Napoleon is known for his creation of the lycée, but Jules Ferry wins all the honors for being reputed as the father of the French modern school. The school he established was free, secular and compulsory, even to this day, until the age of 13 (now increased to 16). This has been the profile of French education since 1882.
An overview of education in France
It was widely believed in the past that France’s education system was the best in the world. Now, the claim needs to be clearly proven in the face of better education systems elsewhere. France’s education system has been rated as the 25th best in the world by the OEDC coordinated Programme for International Student Assessment. The system’s achievements are neither very much higher nor lower than the average results of the OECD.
The education system is divided mainly into primary, secondary and tertiary with the first two predominantly public as they are run by the Ministry of National Education.
Education in France begins with daycare centers known locally as crèches. The centers care for babies from 2 months to 3 years until they are able to attend Ecole Maternelle, the next level up the ladder. Several types of these care centers offer different services, sizes and management assistance to as many as 10 to 60 children but they all require parents to help them. More than 11,000 Crèches operate in France today but even with the numbers.
It is advised to apply for slots in the centers as soon as couples become pregnant.
Primary and secondary education
Primary education in France is no different from other countries where literacy and numeracy are given, supplemented with French, arithmetic, geography, history, the arts and now, a foreign language, usually English. Unisma Classes here take place Monday to Saturday morning but from September 2008, the class on Saturday morning was discontinued. Classes average 28 hours in duration each week and are divided into five different sections – the CP, CE1, CE1, CM1 and CM2. In French, CP means “Cours préparatoire” or preparatory class; CE refers to “Cours élémentaire” or elementary class while CM signifies Cours moven, or middle school. The two CM sections prepare students for the middle school.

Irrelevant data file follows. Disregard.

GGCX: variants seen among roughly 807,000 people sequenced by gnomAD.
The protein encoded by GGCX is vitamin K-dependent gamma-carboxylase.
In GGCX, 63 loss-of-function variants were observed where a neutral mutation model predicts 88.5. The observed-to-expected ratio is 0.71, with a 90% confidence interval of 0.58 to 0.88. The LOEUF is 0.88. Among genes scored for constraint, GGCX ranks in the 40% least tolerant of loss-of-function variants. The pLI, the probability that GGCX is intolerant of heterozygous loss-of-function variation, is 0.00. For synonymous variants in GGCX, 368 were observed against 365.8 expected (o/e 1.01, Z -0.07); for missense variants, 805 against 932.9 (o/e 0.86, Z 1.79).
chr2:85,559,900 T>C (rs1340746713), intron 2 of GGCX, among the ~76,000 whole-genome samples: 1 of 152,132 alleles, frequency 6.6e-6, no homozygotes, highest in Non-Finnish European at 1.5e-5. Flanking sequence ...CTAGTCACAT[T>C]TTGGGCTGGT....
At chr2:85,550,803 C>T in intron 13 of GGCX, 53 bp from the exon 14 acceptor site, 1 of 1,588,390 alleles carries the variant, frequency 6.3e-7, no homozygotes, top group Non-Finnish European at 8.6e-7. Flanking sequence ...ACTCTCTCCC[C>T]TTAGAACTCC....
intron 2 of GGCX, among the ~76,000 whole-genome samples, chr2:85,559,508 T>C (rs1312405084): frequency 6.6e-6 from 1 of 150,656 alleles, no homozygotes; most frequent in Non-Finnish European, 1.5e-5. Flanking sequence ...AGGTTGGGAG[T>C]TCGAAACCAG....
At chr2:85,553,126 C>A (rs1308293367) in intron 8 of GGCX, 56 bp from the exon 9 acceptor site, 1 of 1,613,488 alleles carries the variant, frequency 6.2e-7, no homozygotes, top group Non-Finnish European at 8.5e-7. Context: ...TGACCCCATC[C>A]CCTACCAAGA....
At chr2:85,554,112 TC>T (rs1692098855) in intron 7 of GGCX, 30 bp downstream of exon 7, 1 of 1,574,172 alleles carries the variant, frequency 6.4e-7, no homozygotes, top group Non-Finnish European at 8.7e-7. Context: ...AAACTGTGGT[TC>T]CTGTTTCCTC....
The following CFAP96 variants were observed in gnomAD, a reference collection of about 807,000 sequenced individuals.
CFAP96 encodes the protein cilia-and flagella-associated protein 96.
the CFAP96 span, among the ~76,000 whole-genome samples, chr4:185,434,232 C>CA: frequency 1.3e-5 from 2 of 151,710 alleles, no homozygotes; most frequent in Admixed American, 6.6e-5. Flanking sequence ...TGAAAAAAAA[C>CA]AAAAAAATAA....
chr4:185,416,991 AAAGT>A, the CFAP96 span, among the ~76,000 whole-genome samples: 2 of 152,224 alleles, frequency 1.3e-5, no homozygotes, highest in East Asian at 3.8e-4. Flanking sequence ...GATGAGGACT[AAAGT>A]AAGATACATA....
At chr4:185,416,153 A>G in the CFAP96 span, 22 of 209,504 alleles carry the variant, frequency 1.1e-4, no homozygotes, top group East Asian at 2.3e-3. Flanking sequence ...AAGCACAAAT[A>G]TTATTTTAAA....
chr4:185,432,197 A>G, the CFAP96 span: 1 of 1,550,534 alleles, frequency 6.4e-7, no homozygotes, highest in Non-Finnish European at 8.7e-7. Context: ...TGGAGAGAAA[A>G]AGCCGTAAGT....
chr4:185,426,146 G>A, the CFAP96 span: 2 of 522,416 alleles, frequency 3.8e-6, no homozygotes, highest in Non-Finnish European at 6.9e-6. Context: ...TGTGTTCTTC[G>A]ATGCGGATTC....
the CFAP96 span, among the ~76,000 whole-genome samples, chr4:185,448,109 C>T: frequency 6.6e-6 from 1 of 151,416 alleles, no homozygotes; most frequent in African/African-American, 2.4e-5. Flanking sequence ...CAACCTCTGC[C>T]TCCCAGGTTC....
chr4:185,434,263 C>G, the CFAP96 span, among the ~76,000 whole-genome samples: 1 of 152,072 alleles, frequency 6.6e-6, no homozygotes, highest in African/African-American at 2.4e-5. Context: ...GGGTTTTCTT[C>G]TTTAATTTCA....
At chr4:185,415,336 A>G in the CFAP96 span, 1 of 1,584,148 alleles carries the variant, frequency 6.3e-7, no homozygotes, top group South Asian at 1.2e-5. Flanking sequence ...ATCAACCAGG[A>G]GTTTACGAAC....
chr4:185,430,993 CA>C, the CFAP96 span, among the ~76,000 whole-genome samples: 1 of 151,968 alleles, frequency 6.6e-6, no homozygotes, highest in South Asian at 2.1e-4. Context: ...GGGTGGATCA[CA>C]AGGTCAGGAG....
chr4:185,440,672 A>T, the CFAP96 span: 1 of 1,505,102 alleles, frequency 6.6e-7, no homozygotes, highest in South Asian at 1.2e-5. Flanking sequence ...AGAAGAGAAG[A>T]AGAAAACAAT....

College or middle school education
The college level is divided into 4 divisions and caters for students aged 11-15. It is the core foundation of the French education system. All students enter the college at the age of 11 but sometimes attend at an older age if a student repeated a year at primary level. The goal of the college is to provide a foundation of secondary education to students and thereafter, some degree of specialization in specific areas of interest. From college, students then progress to the lycée level upon passing an examination called the “brevet” after which they either stop their education or continue to the “lycée professionnel” level or vocational high school. Subjects offered at this level includes French, mathematics, history, geography, technical education, art/music, physical education, civic education, some science and one foreign language.
The lycée or vocational education
This is the equivalent of High School and embodies the last 3 years of secondary education. There are two main types – the lycée general and the lycée technique – and both are found in the larger towns and cities. In the smaller towns the latter school may be absent. The goal of the lycée level is to prepare students to sit the bacclaurét examination which is equivalent to the British A levels. The subjects offered are similar to those in the college or middle schools but with the addition of philosophy in the final year.
The academic institutions of higher learning in France are divided into two main camps of the public universities and the renowned but selective and prestigious Grandes écoles the most notable being the Science Po Paris established for political studies; the HEC Paris with its corridors of economic learning; the École nationale supérieure des mines de Paris for high quality engineers or the Ecole nationale d’administration for government positions. Elitism has filtered into the halls of the Gandes ecoles for which it has been criticized but it has proven its value in creating many of France’s high profile civil servants, CEOs and politicians.